When Justin Denney was still an aspiring, young sociologist, he strove to understand the dynamic forces that shape and perpetuate social inequality. Then, in graduate school, he came across the signal texts of renowned sociologist and Washington State University alumnus William Julius Wilson.
“Those classic works illuminated a central tenet and contribution of sociological inquiry that had eluded me to some degree,” Denney said. “It was an important moment for me and has influenced my career in a profound way.”
Almost two decades later, Denney is a leader in health inequality research, and Wilson’s work recently gained new significance in his life. In August, Denney was named WSU’s first William Julius Wilson distinguished professor in sociology.
This week, he will meet Wilson for the first time at WSU’s fifth William Julius Wilson Symposium for the Advancement of Social Justice. There Denney also will meet another giant in the field, Elijah Anderson, recipient of the 2017 William Julius Wilson Award for the Advancement of Social Justice.
Anderson, a foremost urban ethnographer, will accept the award and present a free, public address about race and civility on Wednesday, Nov. 8, at 7:30 p.m. in the Elson Floyd Cultural Center on the WSU Pullman campus.
“To have Professors Wilson and Anderson in the same room at the same time is a truly extraordinary event for WSU and a testament to the University’s dedication to highlighting and addressing some of the most pressing issues facing the nation today,” Denney said.
Expert in health inequality
Denney is an expert in the sociology of health inequality and mortality disparities. His current teaching and research focus on understanding the complex ways human environments create opportunities for some people and barriers for others—more specifically, how the social and physical characteristics of the places where children and adults live, work, and play impact child health, household food insecurity, and adult mortality. He also studies how family formations, race, ethnicity, gender, and socioeconomic status combine with place-based characteristics to affect overall health differences.
His work often involves multi-disciplinary collaborations and has been supported by the National Institutes of Health and the Foundation for Child Development, among others. His research and teaching help advance WSU in its Grand Challenges quest to promote opportunity and equity toward healthy communities.
“The Wilson distinguished professorship provides a unique opportunity to continue this work and to help inspire and train the next generation of scholars interested in addressing and eradicating inequality,” Denney said.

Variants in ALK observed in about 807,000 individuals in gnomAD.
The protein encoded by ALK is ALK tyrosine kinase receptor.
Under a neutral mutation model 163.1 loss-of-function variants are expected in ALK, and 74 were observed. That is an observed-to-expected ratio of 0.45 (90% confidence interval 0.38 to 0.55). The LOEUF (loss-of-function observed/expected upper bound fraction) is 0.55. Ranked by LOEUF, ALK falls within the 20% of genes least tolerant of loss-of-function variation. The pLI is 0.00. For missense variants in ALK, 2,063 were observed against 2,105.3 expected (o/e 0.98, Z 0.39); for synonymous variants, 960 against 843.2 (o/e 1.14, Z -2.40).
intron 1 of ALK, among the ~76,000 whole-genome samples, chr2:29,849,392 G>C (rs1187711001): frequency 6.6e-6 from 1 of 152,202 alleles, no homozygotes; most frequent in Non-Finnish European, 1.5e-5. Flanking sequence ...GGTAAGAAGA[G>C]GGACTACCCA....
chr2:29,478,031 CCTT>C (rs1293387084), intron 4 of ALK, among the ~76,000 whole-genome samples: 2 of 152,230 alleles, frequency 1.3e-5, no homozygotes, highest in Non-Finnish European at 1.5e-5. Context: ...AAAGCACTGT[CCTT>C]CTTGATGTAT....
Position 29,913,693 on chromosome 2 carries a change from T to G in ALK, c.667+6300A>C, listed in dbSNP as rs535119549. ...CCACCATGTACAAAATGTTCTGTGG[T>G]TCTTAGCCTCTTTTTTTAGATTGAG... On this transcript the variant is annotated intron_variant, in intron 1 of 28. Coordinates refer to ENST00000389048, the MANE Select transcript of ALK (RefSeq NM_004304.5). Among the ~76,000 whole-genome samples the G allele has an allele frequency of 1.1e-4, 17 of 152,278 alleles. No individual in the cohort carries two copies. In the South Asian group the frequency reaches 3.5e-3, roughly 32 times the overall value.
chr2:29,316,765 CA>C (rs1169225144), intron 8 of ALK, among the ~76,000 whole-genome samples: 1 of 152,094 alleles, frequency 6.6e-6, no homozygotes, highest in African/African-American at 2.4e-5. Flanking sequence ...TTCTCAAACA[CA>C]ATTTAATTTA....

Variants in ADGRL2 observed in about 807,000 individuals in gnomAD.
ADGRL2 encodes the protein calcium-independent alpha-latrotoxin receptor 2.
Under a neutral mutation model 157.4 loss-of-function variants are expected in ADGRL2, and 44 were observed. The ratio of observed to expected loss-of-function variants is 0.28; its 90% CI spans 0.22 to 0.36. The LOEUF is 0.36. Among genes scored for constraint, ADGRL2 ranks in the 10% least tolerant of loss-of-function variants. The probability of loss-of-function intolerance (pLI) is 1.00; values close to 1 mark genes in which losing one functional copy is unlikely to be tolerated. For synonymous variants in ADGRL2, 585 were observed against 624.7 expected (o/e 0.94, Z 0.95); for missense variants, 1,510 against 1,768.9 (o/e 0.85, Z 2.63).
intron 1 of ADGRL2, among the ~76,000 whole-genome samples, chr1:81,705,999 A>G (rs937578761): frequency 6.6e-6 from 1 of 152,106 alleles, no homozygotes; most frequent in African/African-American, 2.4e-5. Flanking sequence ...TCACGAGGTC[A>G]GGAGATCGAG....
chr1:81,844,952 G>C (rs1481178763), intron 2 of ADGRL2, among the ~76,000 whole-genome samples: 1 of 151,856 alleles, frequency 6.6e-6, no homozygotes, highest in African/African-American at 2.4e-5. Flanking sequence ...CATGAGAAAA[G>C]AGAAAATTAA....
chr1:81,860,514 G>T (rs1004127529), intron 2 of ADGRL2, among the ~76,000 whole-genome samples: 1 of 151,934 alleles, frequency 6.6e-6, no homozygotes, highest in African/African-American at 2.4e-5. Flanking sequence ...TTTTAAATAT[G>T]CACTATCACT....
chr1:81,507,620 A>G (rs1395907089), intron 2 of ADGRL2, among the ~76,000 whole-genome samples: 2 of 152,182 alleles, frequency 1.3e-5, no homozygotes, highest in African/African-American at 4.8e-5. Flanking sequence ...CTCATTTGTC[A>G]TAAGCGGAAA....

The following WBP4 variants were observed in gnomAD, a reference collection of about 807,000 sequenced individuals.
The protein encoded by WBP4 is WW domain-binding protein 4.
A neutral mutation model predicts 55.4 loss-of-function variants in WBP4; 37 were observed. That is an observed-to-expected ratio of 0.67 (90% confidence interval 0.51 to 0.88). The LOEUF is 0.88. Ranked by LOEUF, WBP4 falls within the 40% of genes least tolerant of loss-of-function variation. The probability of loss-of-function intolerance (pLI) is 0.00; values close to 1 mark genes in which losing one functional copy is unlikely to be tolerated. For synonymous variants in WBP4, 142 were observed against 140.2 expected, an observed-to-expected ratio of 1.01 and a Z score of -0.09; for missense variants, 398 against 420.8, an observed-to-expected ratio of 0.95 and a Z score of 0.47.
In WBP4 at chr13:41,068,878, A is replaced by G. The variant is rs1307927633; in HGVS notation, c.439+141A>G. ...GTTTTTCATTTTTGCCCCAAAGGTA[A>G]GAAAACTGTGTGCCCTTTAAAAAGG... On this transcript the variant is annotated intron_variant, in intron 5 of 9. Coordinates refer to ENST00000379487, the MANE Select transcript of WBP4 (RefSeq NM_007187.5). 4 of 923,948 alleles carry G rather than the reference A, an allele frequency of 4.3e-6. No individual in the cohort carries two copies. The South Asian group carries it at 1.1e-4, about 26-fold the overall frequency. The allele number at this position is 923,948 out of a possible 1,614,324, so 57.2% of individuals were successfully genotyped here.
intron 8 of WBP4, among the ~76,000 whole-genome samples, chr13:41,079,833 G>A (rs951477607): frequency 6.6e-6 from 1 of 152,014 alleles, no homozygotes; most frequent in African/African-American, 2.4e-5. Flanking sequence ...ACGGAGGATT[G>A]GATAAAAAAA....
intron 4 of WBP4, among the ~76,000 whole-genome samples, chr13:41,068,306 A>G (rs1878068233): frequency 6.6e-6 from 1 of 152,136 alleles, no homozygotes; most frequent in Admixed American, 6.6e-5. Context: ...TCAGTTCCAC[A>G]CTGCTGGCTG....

“The expertise we sought and found with Dr. Denney will enable substantial contributions to interdisciplinary education and research on health disparities,” said Monica Kirkpatrick Johnson, professor and chair of sociology. “His future courses in medical sociology and health inequality, at both the undergraduate and graduate levels, will help facilitate links between sociology and other fields interested in health disparities, including medicine, nutrition and exercise physiology, community health, health communication, and prevention science.”
Wilson continues decades of leadership
Wilson is the Lewis P. and Linda L. Geyser university professor at Harvard University. He earned his doctoral degree in sociology at WSU in 1966.
A past president of the American Sociological Association, he has received 46 honorary degrees from institutions across the United States and abroad. He was a MacArthur Prize Fellow from 1987 to 1992 and was elected to the National Academy of Sciences, the American Academy of Arts and Sciences, the American Philosophical Society, the Institute of Medicine, the National Academy of Education, and the British Academy.
“Anyone working in the field of sociology for the past 20 or 30 years has taken many important messages from Professor Wilson’s work,” Denney said. “This includes generally being careful, thoughtful, and thorough in any kind of analysis investigating the unequal distribution of resources across groups in the contemporary United States.”
Symposium speaker Anderson is ‘total package’
Anderson is the William K. Lanman Jr. professor of sociology at Yale University, where he directs the Urban Ethnography Project. He is the 2013 recipient of the prestigious Cox-Johnson-Frazier Award of the American Sociological Association and the 2017 recipient of the Merit Award of the Eastern Sociological Society. His most recent ethnographic work is The Cosmopolitan Canopy: Race and Civility in Everyday Life.
“Professor Anderson’s influence spans many core areas of the field—from understanding race and ethnic relations to firmly grasping the techniques needed to carry out much sociological inquiry. His theoretical insights and groundbreaking ethnographic research methods make him an important figure in so many ways,” Denney said. “He is the total package.”
Donors support hiring top faculty
“The distinguished professorship is the best instrument the University has to recruit and retain the highest quality faculty,” said Don Shearer, senior director of development for the WSU College of Arts and Sciences. “We are very appreciative for all the donors who have established distinguished professorships at WSU.”